Neurodiversity in the classroom: Managing the challenges

(Photo Credit © Ivanastar via iStock )

We use the word “spectrum” all the time, but have you ever actually looked at a photograph of a color spectrum? The reality is that you cannot draw clear lines between colors. It is impossible to do. The transition from red to orange to yellow to green to blue to violet takes place in nearly unlimited degrees, each hue infinitesimally different from the ones on either side of it.

Neurodiversity in the classroom is the same. There are no clear lines, no easy delineations between differences between children who are at various degrees on the spectrum. Similarly, just as there is no one “normal” color on a spectrum – each degree of color is vital – there is no clear “normal” when it comes to children’s brains. And yet much of traditional teaching has been focused on trying to move students with various challenges closer and closer to the general definition of “normal.”

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In “Neurodiversity in the Classroom: Strength-based Strategies to Help Students with Special Needs Succeed in School and Life,” author and educator Thomas Armstrong acknowledges five broad categories of neurodiverse students: those who have learning disabilities, attention-deficit hyperactivity disorder, autism, intellectual disabilities, and/or emotional and behavioral disorders. He believes teachers need to take advantages of the strengths of these students – modifying the school environment when needed in order to do so – to help them learn and grow into their best selves. And he acknowledges that we are behind in learning to see the advantages in how neurodiverse students are wired. Past efforts tended to try to “fix” or “remediate” a child’s disability – attempting to move that child closer to “the norm” – rather than using a child’s unique gifts as a starting point for growth.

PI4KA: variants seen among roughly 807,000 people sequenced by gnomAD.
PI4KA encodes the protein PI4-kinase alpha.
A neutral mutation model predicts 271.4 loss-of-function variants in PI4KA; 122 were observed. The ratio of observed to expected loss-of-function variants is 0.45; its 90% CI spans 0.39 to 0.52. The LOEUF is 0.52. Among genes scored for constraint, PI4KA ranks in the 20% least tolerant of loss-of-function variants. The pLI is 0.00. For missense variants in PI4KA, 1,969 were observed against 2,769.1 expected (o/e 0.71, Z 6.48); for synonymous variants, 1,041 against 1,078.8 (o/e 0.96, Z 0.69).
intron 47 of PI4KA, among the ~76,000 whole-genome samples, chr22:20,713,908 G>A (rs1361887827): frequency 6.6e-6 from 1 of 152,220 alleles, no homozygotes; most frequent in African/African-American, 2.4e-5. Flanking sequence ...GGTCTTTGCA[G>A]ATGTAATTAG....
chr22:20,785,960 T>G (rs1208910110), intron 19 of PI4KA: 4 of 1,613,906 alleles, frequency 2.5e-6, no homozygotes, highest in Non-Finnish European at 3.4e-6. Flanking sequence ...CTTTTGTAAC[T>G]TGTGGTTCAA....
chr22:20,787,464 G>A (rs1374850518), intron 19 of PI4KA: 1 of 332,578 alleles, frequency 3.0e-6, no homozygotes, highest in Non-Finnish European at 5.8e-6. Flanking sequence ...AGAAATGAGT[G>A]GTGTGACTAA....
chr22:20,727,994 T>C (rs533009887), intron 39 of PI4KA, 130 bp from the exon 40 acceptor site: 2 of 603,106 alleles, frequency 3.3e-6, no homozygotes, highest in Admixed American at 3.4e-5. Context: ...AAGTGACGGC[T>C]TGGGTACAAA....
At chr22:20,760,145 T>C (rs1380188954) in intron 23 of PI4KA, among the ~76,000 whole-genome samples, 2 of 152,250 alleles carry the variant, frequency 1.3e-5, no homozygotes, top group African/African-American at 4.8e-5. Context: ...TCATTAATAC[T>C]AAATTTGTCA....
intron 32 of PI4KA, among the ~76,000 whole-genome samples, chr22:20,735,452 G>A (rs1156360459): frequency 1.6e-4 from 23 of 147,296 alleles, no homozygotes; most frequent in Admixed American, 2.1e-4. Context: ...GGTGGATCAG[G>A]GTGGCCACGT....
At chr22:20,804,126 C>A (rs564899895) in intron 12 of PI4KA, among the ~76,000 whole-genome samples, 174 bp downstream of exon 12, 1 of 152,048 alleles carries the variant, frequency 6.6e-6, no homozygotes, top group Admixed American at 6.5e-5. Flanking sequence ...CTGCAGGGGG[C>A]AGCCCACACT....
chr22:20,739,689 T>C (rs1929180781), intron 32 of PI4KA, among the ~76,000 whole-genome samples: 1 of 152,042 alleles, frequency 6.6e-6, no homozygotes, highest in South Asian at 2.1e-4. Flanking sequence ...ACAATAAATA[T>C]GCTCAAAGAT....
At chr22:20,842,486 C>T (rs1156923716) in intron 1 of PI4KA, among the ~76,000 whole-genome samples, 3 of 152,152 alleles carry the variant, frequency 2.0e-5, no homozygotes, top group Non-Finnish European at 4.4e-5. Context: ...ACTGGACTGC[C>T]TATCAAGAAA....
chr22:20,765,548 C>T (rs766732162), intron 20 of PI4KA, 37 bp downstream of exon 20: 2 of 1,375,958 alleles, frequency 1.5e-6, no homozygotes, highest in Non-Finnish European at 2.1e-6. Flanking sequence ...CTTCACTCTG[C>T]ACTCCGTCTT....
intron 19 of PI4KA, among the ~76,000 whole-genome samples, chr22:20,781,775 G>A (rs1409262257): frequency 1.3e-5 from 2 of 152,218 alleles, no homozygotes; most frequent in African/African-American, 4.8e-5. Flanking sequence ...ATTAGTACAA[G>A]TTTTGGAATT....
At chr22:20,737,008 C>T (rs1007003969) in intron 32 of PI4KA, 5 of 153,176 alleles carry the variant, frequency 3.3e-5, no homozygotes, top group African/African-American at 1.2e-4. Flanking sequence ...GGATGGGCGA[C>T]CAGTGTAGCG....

“The implications of neurodiversity for education are enormous,” Armstrong writes. “Both regular and special education educators have an opportunity to step out of the box and embrace an entirely new trend in thinking about human diversity. Rather than putting kids into separate disability categories and using outmoded tools and language to work with them, educators can use tools and language inspired by the ecology movement to differentiate learning and help kids succeed in the classroom.

“Until now, the metaphor most-often used to describe the brain has been a computer or some other type of machine. But the human brain isn’t hardware or software; it’s wetware. The more we study the brain, the more we understand that it functions less like a computer and more like an ecosystem,” he writes.

Armstrong offers eight principles of neurodiversity:

  1.  The human brain as an ecosystem.
  2. Every cognitive ability has a spectrum or a continuum – dyslexia is on the reading spectrum, for example. A student may be expert on the math spectrum while struggling on the science spectrum.
  3. The values of a culture help define competence, which means that competence is not purely defined by science.
  4. Is it a gift or a disability? Depends on what you see.
  5. Adapting your brain to your environment helps you succeed in life.
  6. Conversely, being able to adapt your environment around your brain helps you succeed in life.
  7. Seeking the right resources and lifestyle choices is as important for the neurodiverse as it is for the neurotypical.
  8. Positive niche construction (modifying the environment to enhance chances of success) actually creates positive change in the brain.